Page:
Cerebral palsy (CP) is a group of nervous system problems that can affect movement, speech, hearing, seeing, and thought. Cerebral palsy is caused by damage to the developing brain, usually during pregnancy, labor, or soon after birth. The damage can be caused by infection, oxygen deprivation, toxins, or head trauma.
This article discusses disability benefits for children with cerebral palsy. The rules are different for adults (anyone over 18). If you need to apply for SSI or SSDI as an adult with cerebral palsy, see our article on disability benefits for adults with cerebral palsy.
Impairments Caused by Cerebral Palsy
Impairments caused by cerebral palsy can include stiff muscles, muscle weakness, unusual gait, difficulties chewing, talking, hearing, or seeing, and seizures. Cerebral palsy can have mild effects on movement and intelligence or it can have extremely disruptive effects on a child’s activities, resulting in the inability to walk, epilepsy, and/or mental retardation. CP is usually not diagnosed until the child is one or two years old.
Children who suffer serious impairments from cerebral palsy may be medically eligible for Supplemental Security Income (SSI) if the child’s cerebral palsy seriously limits major activities like walking, using his or hands effectively, or communicating. To be financially eligible for SSI, the child and his or her parents (or stepparents) cannot make over the SSI income limits or own too many assets (not counting a house).
Qualifying for Cerebral Palsy Under the Children's Listing
Mild cerebral palsy will not qualify for disability benefits. The SSA sets out what’s required to get disability benefits for a child with cerebral palsy in listing 111.07. To qualify for SSI, your child must have either severe or moderate motor dysfunction (problems with movement) that meets the following requirements:
Severe motor dysfunction. Your child must have severe movement problems that hinder walking, standing, or using their hands. In SSA terms, your child’s problems must interfere with age-appropriate daily activities because of one of the following:
- persistent lack of coordination of two extremities that disrupts your child's walking and standing, or
- lack of coordination of two extremities that disrupts fine motor movements and large muscle (gross) movements.
If your child requires crutches, braces, or a walker, or can’t walk independently for a long enough distance needed to carry out age-appropriate activities of daily living, he or she should qualify under this listing. If your child can move around the home well enough without support, but cannot travel to school without a good deal of assistance, this requirement should be fulfilled and your child should be approved for benefits.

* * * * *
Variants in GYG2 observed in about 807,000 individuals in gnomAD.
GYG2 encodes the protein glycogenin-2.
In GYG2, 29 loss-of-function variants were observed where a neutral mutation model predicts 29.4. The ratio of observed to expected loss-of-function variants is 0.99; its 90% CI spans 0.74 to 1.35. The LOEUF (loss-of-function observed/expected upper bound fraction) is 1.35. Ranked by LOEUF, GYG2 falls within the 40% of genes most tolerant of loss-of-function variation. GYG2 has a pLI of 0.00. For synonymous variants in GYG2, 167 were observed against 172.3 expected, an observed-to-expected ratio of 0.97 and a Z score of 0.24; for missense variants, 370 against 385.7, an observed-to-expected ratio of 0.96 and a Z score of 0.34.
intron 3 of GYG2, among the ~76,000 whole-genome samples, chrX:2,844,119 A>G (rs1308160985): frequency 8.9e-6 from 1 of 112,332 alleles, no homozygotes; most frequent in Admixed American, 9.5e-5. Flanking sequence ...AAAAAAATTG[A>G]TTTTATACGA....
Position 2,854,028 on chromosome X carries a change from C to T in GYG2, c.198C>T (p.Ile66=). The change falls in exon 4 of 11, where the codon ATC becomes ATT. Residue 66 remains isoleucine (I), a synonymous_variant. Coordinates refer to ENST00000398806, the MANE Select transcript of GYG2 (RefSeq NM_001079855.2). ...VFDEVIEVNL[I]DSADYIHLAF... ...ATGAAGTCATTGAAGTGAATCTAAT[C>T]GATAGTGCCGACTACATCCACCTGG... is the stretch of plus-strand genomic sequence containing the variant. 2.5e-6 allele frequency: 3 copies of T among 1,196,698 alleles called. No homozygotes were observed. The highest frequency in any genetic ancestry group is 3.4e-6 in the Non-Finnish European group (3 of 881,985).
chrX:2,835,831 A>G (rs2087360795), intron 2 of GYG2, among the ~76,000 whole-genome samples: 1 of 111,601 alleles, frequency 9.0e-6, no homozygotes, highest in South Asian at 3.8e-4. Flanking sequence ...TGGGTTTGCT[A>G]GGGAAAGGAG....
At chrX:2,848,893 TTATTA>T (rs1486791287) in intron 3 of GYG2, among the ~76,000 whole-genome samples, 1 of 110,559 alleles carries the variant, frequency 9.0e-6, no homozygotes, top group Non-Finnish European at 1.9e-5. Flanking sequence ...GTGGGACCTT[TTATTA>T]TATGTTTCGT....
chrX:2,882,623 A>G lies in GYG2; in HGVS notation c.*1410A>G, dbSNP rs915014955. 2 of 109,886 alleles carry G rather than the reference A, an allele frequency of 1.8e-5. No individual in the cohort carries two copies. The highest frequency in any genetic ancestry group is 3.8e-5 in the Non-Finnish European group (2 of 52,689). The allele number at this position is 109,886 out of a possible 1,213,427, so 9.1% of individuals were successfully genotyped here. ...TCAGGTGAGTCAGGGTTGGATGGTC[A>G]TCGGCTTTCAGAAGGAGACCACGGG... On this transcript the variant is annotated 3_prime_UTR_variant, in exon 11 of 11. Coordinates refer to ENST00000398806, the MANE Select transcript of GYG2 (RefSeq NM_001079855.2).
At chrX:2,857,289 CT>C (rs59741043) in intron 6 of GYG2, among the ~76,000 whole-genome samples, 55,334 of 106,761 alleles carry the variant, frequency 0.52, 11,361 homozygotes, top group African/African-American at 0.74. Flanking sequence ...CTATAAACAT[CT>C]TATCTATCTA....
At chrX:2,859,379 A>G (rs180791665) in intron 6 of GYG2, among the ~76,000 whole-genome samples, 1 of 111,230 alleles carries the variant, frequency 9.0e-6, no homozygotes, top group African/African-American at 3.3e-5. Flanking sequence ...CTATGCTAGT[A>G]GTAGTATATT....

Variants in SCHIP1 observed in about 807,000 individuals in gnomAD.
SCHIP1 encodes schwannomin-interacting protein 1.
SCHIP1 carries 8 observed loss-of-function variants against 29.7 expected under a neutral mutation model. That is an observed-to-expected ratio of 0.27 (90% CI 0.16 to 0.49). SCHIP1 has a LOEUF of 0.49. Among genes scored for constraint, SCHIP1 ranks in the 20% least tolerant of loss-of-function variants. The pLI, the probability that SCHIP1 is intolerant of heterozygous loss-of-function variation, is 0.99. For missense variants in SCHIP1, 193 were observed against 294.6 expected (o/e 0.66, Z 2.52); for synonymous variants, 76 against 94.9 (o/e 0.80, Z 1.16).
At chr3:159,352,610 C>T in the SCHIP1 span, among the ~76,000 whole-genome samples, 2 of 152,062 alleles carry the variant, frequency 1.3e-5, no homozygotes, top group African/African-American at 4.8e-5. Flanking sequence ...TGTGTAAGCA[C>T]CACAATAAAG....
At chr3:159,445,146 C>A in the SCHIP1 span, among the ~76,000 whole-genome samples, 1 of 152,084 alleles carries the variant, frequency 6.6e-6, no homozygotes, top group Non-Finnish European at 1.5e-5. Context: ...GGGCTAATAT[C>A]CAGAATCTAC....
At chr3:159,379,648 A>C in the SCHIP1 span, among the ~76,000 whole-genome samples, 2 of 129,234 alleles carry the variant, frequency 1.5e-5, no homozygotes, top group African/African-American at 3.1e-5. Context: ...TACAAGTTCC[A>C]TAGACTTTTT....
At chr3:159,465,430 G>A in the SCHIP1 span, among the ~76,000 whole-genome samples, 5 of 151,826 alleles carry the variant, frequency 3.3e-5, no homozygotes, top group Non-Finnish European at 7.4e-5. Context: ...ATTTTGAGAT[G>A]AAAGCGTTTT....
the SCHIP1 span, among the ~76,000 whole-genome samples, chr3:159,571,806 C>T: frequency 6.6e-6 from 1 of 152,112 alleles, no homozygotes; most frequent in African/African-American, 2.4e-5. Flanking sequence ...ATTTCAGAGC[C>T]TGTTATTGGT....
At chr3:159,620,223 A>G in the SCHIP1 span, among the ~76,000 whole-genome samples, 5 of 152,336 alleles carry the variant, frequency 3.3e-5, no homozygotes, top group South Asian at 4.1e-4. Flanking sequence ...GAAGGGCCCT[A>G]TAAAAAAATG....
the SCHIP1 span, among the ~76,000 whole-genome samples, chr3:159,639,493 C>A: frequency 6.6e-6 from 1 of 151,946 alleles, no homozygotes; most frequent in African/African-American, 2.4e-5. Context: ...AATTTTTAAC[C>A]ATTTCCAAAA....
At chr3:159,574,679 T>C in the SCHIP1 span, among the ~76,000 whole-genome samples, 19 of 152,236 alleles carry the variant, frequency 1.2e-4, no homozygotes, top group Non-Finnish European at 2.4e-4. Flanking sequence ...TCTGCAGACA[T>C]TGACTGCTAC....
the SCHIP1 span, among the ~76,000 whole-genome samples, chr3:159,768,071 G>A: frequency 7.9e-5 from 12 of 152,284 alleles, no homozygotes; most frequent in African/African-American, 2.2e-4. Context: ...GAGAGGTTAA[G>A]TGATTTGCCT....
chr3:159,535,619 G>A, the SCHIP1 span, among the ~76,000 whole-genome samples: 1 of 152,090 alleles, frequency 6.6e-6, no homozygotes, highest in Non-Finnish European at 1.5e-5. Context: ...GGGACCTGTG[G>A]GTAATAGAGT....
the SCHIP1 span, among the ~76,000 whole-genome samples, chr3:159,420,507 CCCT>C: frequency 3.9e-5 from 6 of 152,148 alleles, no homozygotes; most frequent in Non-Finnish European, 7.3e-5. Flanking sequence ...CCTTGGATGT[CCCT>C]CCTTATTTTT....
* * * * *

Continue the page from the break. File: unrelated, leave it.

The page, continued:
For children who are too young to be expected to walk or stand independently, their ability to perform comparable age-appropriate activities with the lower extremities is assessed. If your child’s overall motor development is typical of children half of the child’s chronological age, your child should meet this standard.
The SSA defines the disruption of fine or gross motor movements as not being able to reach, push, pull, and grasp well enough to be able to carry out age-appropriate activities. For children who are too young to be expected to walk independently, the SSA compares the child’s skills and performance to other children of the same age. If your child’s upper extremity capability is typical of children half of the child’s chronological age, your child should meet this standard.
Moderate motor dysfunction. If your child’s motor problems are not severe enough to meet the definition above, your child must have more than slight movement problems along with one of the following:
- an IQ of 70 or less
- a seizure disorder, with at least one major motor seizure in the past year
- a speech, hearing, or eyesight defect that significantly interferes with communication (for instance, markedly poor articulation or stuttering, more than mild hearing loss, or a best-corrected visual acuity worse than 20/50), or
- a significant emotional or mental disorder, diagnosed through a mental status examination, such depression or marked attention deficit disorder (ADD) or attention-deficit hyperactivity disorder (ADHD).
If your child is an infant with cerebral palsy, it may be difficult to tell if he or she meets the standards above. You can refer to the SSA’s listing for emotional disorders of newborns and younger infants to see what the SSA considers a delay in normal social interaction or communication that might constitute an emotional or motor disorder.
Applying for Disability Benefits for Cerebral Palsy
Call the SSA at 800-772-1213 to set up an appointment to submit an application for SSI through your local SSA office. After you submit all the necessary financial information to the SSA, a claims examiner and medical consultant will request your child’s medical records and consider your child’s claim to make a decision on whether your child is entitled to SSI disability benefits. It can take three to five months for the SSA to determine whether your child is eligible for disability benefits.
Presumptive Disability Payments
Knowing that babies and children diagnosed with cerebral palsy often need financial help right away, the SSA grants immediate SSI benefits to children who are likely to be found medically eligible for benefits. If your child has been diagnosed with cerebral palsy and has severe difficulty speaking, coordinating hand and arm movements, or walking without braces, your child probably qualifies for these immediate “presumptive disability” benefits. If your child is an infant at an age not expected to speak or walk, his motor and communicative development will be assessed based on what is appropriate for that age. For more information, see our article on presumptive disability benefits.